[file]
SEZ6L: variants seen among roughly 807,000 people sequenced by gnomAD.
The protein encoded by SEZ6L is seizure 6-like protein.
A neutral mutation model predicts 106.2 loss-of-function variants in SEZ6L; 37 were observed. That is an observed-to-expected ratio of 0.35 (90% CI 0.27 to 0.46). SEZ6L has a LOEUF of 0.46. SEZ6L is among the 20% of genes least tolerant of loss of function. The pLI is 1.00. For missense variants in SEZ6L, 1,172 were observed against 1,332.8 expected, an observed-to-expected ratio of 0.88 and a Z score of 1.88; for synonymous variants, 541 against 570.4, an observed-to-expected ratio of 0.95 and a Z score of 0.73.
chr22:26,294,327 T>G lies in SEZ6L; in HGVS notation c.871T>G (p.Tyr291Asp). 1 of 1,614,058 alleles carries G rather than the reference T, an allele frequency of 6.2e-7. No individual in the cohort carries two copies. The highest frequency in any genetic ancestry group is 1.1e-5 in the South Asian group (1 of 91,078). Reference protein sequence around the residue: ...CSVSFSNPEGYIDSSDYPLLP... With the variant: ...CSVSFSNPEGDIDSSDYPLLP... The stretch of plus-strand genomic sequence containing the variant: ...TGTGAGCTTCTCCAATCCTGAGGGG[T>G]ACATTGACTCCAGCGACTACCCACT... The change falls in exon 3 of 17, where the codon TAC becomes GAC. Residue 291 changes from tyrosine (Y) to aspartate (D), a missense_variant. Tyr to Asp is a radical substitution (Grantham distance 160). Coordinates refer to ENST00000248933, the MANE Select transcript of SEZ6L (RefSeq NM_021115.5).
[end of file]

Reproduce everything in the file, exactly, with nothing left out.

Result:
SEZ6L: variants seen among roughly 807,000 people sequenced by gnomAD.
The protein encoded by SEZ6L is seizure 6-like protein.
A neutral mutation model predicts 106.2 loss-of-function variants in SEZ6L; 37 were observed. That is an observed-to-expected ratio of 0.35 (90% CI 0.27 to 0.46). SEZ6L has a LOEUF of 0.46. SEZ6L is among the 20% of genes least tolerant of loss of function. The pLI is 1.00. For missense variants in SEZ6L, 1,172 were observed against 1,332.8 expected, an observed-to-expected ratio of 0.88 and a Z score of 1.88; for synonymous variants, 541 against 570.4, an observed-to-expected ratio of 0.95 and a Z score of 0.73.
chr22:26,294,327 T>G lies in SEZ6L; in HGVS notation c.871T>G (p.Tyr291Asp). 1 of 1,614,058 alleles carries G rather than the reference T, an allele frequency of 6.2e-7. No individual in the cohort carries two copies. The highest frequency in any genetic ancestry group is 1.1e-5 in the South Asian group (1 of 91,078). Reference protein sequence around the residue: ...CSVSFSNPEGYIDSSDYPLLP... With the variant: ...CSVSFSNPEGDIDSSDYPLLP... The stretch of plus-strand genomic sequence containing the variant: ...TGTGAGCTTCTCCAATCCTGAGGGG[T>G]ACATTGACTCCAGCGACTACCCACT... The change falls in exon 3 of 17, where the codon TAC becomes GAC. Residue 291 changes from tyrosine (Y) to aspartate (D), a missense_variant. Tyr to Asp is a radical substitution (Grantham distance 160). Coordinates refer to ENST00000248933, the MANE Select transcript of SEZ6L (RefSeq NM_021115.5).